Sing, Unburied, Sing
  • March 22, 2018


  • Jesmyn Ward

    1Sing, Unburied, Sing

    Min Jin Lee

  • Judged by

    Lauren Cohen


Here we find the two books I predicted would battle it out in the championship. Having already read both novels, I was well aware of how much they were each loved by readers and critics alike. I originally picked up Pachinko for a cross-country flight within days of its release, before the buzz spread near and far. I was immediately and absolutely swept away by this beautiful family saga centering on Korean immigrants settling in Japan across the 20th century.

ToB 2018 Reader Judge Lauren Cohen lives in her reading chair in a Boston apartment. She met most of her friends and her boyfriend in book clubs, and if you ask her how many book clubs she’s in, she’ll plead the fifth. When not in her reading chair, she works in cancer research at Massachusetts General Hospital. Known connections to this year’s contenders: “None.”

Returning to it a year later, I was surprised at how much of the action I recalled perfectly, considering how jam-packed it was. This was a book for the senses, so revisiting them brought me right back. I could still recall the boarding house in Yeongdo, the Nampo-dong open-air market, and the family home in Osaka as clearly as places I’d spent time myself. I remembered the chapters where I sank into the lush details and the chapters where I moved swiftly from one decade to the next. Tragedies continued to arrive and the characters continued to move on. Perseverance wasn’t a virtue but an essential for survival.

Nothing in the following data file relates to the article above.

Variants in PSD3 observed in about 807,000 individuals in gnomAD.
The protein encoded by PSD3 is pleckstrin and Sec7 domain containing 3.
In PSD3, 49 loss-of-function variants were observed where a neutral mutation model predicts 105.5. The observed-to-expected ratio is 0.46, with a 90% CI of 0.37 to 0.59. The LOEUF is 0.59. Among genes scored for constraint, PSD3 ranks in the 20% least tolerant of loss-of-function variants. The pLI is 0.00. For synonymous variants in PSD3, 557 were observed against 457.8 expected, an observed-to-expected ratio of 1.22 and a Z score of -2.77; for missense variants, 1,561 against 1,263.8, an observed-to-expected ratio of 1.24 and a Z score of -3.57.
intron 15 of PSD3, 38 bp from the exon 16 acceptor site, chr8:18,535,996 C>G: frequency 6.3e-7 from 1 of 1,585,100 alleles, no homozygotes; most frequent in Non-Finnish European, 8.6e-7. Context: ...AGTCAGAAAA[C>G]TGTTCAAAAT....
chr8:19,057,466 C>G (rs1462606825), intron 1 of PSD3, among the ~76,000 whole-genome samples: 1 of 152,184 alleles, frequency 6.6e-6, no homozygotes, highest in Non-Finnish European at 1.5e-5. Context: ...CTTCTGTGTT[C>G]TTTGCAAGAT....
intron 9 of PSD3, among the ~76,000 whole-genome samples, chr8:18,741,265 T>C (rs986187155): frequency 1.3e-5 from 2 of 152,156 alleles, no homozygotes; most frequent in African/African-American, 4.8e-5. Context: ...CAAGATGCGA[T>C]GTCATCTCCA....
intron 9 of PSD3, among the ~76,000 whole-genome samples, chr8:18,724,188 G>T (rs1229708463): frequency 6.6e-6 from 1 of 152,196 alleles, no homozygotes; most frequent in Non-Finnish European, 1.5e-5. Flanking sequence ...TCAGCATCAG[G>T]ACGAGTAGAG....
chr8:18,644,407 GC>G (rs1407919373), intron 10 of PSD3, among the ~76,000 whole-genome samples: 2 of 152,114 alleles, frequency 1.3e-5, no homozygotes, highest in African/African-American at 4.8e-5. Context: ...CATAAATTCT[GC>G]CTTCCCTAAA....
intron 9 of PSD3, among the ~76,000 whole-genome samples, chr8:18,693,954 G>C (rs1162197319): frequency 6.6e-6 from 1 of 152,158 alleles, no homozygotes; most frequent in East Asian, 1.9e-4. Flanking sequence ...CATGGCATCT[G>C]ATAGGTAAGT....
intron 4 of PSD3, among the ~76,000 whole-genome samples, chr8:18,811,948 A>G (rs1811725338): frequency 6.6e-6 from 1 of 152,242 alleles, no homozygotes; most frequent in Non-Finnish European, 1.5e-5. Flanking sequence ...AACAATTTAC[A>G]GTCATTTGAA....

How did I know how to keep my family safe? It’s my job to know what others don’t. How did you know to make kimchi and sell it on a street corner to earn money? You knew because you wanted to live. I want to live, too, and if I want to live, I have to know things others don’t.

I was eager to sink deeper into the characters this time around. I delighted in rediscovering the thread of paternal love, not as impactful in the first read. Main character Sunja runs her family’s boarding house, as her late father Hoonie did before her. When she is unwed and pregnant, her dark future brightens when a visiting gentleman, Baek Isak, marries her and claims the child as his own. Isak shares that he sought out the boarding house because of his own brother’s stories of staying there years before and never being able to forget the kindness and quiet charisma of Hoonie. The impact of Hoonie ripples through the entirety of the book, displayed in Sunja’s affection toward her sons and unquestioning bond with her in-laws. In a story where it is mainly the mothers hustling and taking care of the families, this provided an intriguing balance and a beautiful reminder of how we carry the love we knew.